The southern tip of God’s Own Country is home to the administrative and cultural hub of the State, Thiruvananthapuram. From a landscape naturally endowed with some of the most picturesque visuals possible along with culturally relevant holy sites that have thrived for more than a thousand years, this area has something for everyone. Young and old alike, all can experience their own slice of Kerala here, tailor-made to their individual preference. Listed below are some of the most prominent places of interest in the State capital.
Kovalam is an internationally renowned beach with three adjacent crescent beaches. It has been a favourite haunt of tourists since the 1930s. A massive rocky promontory on the beach has created a beautiful bay of calm waters ideal for sea bathing.
The leisure options at this beach are plenty and diverse. Sunbathing, swimming, herbal body toning massages, special cultural programmes and catamaran cruising are some of them. The tropical sun acts so fast that one can see the faint blush of coppery tan on the skin in a matter of minutes. Life on the beach begins late in the day and carries on well into the night. The beach complex includes a string of budget cottages, Ayurvedic health resorts, convention facilities, shopping zones, swimming pools, Yoga and Ayurvedic massage centres.
Accommodation facilities for tourists at Kovalam range from five star hotels to budget hotels and the choice of food available at restaurants and cafeterias range from Continental varieties to South Indian delicacies.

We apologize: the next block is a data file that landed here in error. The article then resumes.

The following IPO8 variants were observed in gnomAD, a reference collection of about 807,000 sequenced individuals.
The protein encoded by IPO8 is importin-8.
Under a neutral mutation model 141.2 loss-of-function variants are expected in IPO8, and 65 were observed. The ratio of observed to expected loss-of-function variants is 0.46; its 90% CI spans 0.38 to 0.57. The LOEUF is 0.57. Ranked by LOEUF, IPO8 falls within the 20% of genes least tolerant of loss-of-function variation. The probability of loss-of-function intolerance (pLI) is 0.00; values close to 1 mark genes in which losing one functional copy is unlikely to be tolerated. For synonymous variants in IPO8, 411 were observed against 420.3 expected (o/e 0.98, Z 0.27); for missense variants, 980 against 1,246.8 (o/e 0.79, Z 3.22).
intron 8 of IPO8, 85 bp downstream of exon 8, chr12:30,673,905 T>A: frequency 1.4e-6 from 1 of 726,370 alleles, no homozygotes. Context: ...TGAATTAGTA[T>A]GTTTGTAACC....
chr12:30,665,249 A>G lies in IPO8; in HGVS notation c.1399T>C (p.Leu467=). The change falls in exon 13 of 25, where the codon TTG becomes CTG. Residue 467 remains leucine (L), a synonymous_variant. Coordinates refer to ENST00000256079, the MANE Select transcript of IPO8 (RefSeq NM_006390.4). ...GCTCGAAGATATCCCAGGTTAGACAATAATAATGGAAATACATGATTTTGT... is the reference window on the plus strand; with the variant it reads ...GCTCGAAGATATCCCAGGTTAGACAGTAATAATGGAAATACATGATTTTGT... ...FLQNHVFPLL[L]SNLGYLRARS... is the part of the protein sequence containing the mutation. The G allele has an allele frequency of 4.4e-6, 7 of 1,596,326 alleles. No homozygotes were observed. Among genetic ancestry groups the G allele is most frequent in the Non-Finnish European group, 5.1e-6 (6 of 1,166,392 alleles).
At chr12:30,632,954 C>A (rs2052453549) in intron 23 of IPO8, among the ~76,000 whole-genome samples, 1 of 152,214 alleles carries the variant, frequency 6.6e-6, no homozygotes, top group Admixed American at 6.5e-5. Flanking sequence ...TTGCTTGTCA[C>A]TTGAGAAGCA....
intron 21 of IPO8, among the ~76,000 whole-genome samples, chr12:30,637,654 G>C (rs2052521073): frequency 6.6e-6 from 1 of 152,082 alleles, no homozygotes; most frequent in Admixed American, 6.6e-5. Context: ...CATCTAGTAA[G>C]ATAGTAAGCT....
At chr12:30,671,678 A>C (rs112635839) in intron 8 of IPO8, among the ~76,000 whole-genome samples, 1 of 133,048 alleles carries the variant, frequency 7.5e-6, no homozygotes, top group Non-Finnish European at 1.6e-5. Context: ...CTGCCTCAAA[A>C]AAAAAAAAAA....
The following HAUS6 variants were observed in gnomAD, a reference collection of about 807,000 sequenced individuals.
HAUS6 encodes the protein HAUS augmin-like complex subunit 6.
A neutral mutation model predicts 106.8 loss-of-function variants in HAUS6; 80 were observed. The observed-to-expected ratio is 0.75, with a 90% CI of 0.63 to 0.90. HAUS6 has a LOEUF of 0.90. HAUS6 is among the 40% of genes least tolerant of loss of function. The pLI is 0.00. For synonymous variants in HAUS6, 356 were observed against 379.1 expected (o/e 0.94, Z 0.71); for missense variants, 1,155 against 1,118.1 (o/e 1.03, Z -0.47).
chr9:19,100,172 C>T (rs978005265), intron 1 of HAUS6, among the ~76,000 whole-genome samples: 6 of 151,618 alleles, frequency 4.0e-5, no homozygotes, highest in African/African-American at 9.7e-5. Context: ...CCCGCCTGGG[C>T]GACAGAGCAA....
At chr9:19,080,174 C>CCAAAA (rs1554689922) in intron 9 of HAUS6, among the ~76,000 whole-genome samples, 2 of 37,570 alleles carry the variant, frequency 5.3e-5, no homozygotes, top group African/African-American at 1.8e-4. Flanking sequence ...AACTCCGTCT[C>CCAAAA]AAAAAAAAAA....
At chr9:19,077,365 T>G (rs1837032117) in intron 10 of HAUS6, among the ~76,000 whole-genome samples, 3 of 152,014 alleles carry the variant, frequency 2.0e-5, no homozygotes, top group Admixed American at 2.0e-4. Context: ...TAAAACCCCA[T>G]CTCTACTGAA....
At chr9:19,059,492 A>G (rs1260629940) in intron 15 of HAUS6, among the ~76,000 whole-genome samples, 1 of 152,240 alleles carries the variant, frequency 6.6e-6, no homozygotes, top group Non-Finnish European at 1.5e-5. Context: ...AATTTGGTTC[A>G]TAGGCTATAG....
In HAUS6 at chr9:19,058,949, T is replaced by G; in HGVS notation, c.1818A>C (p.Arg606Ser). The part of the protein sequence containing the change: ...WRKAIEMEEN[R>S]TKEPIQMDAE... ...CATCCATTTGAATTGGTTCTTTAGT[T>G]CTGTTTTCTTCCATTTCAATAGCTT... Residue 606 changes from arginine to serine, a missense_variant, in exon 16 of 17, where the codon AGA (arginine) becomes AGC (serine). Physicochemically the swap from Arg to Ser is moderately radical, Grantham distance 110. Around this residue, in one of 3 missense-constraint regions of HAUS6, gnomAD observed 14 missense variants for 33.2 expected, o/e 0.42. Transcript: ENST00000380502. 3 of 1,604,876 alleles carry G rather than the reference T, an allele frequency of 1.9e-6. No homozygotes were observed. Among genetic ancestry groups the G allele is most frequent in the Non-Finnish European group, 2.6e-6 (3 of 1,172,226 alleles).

Thiruvananthapuram, the capital city of Kerala, is just 16 km away from Kovalam and getting there is no hassle. But if you are on holiday it is better to stay in Kovalam and visit the city. The city of Thiruvananthapuram has many interesting places to see like the Napier Museum, the Sri Chitra Art Gallery and the Padmanabhaswamy Temple. The SMSM Institute, a State owned handicrafts emporium, is the ideal place to pick up ethnic curios and other articles.
Affectionately nicknamed the ‘Venice of the East’ by travellers from across the world, Alappuzha is a district of immense natural beauty. Embraced by the Arabian Sea in the west and a network of lakes, lagoons and freshwater rivers criss-crossing it, this backwater country is home toa vibrant animal and avian life. By virtue of its proximity to the sea, the town has always carved out an exclusive place for itself in the maritime history of Kerala.
Renowned for its boat races, beaches, marine products and coir industry, the singularity of this land is the region called Kuttanad. A land of lush paddy fields referred to as the ‘Rice Bowl of Kerala’, it is one of the few places in the world where farming is done below sea level. This once prosperous trading and fishing centre is nowadays a world renowned backwater tourist destination.
The very sound of the word Thekkady conjures up images of elephants, unending chains of hills and spice scented plantations. The Periyar forests of Thekkady is one of the finest wildlife reserves in India. Spreads across the entire district are the picturesque plantations and hill towns that nestle beautiful trails for treks and mountain walks.It is one of the oldest tiger reserves in the country and the forests of Periyar is embellished by the presence of endangered species including White Tigers.
Munnar rises as three mountain streams merge – Mudrapuzha, Nallathanni and Kundala. 1,600 m above sea level, this hill station was once the summer resort of the erstwhile British Government in South India. One of the most sought after honeymoon destinations in Kerala, Munnar is replete with resorts and logding facilities that fit a wide rage of budgets. Sprawling tea plantations, picturesque towns, winding lanes and holiday facilities make this a popular resort town. Among the exotic flora found in the forests and grasslands here is the Neelakurinji. This flower which bathes the hills in blue once in every twelve years, will bloom next in 2030. Munnar also has the highest peak in South India, Anamudi, which towers over 2,695 m.